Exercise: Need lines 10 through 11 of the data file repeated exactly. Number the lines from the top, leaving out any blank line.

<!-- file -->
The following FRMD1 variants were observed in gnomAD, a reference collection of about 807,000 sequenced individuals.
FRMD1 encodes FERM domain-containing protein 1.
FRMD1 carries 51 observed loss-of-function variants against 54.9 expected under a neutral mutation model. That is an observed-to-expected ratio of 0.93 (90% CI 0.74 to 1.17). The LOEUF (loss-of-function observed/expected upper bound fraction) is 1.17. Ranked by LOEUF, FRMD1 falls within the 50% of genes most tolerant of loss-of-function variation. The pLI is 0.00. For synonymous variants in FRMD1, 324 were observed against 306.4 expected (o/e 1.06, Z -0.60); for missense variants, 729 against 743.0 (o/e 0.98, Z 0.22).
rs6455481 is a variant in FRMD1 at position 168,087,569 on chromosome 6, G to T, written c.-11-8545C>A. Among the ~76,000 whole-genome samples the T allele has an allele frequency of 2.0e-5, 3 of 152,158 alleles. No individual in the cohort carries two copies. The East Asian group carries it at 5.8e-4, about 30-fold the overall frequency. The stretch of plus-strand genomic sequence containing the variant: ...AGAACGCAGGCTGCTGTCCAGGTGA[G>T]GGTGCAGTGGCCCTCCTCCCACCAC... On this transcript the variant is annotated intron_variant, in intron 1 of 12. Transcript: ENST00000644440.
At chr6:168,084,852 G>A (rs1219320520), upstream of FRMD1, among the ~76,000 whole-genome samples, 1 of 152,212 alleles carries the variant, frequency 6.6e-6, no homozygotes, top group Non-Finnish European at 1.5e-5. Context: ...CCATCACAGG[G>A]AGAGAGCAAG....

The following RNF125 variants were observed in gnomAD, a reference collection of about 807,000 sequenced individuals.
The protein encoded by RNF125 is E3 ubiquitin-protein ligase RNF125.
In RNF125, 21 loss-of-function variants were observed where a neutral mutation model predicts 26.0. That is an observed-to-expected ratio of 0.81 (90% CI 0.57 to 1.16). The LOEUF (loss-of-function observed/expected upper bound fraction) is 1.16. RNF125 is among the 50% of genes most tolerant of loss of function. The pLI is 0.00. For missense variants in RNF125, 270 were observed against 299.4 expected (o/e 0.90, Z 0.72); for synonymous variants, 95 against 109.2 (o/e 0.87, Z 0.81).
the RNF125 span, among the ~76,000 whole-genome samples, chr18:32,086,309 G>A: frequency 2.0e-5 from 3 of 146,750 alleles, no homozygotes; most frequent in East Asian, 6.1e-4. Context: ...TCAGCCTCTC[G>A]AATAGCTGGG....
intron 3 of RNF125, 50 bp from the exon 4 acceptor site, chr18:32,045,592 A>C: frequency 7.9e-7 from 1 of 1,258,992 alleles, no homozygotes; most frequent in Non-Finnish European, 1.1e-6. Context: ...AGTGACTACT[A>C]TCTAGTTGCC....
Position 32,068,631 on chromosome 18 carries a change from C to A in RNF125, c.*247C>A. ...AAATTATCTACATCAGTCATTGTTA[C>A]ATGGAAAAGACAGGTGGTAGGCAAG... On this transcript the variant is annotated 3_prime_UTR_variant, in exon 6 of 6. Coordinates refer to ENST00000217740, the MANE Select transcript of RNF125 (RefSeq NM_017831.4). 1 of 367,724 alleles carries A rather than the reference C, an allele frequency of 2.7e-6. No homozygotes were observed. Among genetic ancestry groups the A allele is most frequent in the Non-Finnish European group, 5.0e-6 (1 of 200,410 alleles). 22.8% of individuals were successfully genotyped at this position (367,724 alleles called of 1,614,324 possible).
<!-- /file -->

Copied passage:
intron 3 of RNF125, 50 bp from the exon 4 acceptor site, chr18:32,045,592 A>C: frequency 7.9e-7 from 1 of 1,258,992 alleles, no homozygotes; most frequent in Non-Finnish European, 1.1e-6. Context: ...AGTGACTACT[A>C]TCTAGTTGCC....
Position 32,068,631 on chromosome 18 carries a change from C to A in RNF125, c.*247C>A. ...AAATTATCTACATCAGTCATTGTTA[C>A]ATGGAAAAGACAGGTGGTAGGCAAG... On this transcript the variant is annotated 3_prime_UTR_variant, in exon 6 of 6. Coordinates refer to ENST00000217740, the MANE Select transcript of RNF125 (RefSeq NM_017831.4). 1 of 367,724 alleles carries A rather than the reference C, an allele frequency of 2.7e-6. No homozygotes were observed. Among genetic ancestry groups the A allele is most frequent in the Non-Finnish European group, 5.0e-6 (1 of 200,410 alleles). 22.8% of individuals were successfully genotyped at this position (367,724 alleles called of 1,614,324 possible).